Flexibility is my middle name

Compassion Project Te Roh Kee, Tak Province, Thailand

If you’re going to teach English in another country, you can do without a lot of things. Electricity for example, or textbooks, or chairs. One thing that is indispensable though, is flexibility.

This morning I started teaching English to children in a Karen village in  an education program for kids sponsored by Compassion, International. The Compassion program is run by one of our local churches. I wasn’t expecting much in terms of facilities, and wasn’t sure how many kids would be there, so I made my lesson plan with a lot of options built in.

It’s a good thing I did, because when I got there, there were over 40 kids stuffed into a small one-room bamboo structure built in the traditional style with a leaf roof, bamboo walls, and a floor also made of split bamboo. Whenever I dropped anything on the floor, it invariably fell through the gaps in the slats and onto the ground whereupon the program director kindly fetched it for me. Embarrassing.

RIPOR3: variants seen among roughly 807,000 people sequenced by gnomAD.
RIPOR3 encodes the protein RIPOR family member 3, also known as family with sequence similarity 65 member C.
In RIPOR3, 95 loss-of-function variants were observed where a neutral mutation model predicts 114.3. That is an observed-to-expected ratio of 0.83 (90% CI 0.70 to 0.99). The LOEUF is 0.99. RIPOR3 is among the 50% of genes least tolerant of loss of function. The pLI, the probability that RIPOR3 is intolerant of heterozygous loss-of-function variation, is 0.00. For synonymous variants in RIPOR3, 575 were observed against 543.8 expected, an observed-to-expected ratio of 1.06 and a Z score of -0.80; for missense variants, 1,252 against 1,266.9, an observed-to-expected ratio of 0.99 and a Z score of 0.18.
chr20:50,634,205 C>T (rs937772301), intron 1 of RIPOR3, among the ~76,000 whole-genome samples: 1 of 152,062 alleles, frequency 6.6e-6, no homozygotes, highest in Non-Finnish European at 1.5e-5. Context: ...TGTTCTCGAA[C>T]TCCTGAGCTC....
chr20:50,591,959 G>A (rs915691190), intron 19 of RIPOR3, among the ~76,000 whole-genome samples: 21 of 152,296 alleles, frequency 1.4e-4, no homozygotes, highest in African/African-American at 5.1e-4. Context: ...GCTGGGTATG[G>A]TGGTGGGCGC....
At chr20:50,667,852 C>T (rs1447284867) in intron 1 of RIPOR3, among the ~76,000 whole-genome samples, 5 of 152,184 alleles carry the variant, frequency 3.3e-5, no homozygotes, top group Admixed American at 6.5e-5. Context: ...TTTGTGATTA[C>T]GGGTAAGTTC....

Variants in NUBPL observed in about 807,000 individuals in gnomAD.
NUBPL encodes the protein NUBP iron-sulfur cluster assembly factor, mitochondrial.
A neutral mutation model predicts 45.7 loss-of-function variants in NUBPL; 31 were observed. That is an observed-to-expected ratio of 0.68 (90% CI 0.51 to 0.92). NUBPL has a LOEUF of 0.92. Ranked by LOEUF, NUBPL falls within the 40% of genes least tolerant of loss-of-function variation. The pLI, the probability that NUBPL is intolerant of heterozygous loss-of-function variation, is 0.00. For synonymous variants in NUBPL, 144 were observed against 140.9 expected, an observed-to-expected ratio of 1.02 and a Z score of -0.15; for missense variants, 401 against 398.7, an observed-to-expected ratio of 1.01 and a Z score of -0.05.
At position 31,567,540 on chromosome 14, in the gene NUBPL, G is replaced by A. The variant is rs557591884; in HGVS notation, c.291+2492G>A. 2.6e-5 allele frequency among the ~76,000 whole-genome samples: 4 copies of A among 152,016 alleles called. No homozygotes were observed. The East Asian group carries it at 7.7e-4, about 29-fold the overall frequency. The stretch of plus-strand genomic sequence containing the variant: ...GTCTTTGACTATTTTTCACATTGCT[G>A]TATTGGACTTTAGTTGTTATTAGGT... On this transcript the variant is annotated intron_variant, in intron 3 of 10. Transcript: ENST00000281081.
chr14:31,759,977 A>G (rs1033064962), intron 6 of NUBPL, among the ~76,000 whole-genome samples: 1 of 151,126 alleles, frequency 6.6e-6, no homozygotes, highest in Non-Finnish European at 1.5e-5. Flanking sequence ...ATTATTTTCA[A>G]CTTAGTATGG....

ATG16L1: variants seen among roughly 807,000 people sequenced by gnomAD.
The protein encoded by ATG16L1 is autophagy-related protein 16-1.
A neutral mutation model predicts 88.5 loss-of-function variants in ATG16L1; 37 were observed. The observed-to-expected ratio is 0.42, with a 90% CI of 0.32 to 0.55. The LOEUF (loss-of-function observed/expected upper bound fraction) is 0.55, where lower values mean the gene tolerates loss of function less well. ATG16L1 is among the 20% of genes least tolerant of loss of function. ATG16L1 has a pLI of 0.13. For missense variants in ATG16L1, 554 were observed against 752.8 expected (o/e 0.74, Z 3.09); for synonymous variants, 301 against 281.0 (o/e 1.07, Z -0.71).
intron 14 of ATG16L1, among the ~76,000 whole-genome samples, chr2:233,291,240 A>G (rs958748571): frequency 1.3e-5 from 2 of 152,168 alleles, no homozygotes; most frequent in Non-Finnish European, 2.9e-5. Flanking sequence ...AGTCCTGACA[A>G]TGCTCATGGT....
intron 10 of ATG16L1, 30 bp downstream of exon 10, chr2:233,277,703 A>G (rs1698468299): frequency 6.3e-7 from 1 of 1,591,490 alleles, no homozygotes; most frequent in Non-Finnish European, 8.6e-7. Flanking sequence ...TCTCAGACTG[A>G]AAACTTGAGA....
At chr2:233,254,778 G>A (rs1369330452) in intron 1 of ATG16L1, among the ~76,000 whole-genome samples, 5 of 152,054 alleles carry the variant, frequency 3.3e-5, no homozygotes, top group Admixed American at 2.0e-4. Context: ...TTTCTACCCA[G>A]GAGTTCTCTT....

I had to scrap one of the songs I was going to use since the floor probably would not have been able to survive  40 + kids jumping up and down. Next week I can modify the song and we can sing 1,2,3,4,5–Clap! instead of 1,2,3,4,5–Jump!

See the holes in the floor?

So proud of their work!

I might have better control over my class if I would put the camera away.

These kids are a hoot!

Aren’t you just a little bit jealous that I get to do this?


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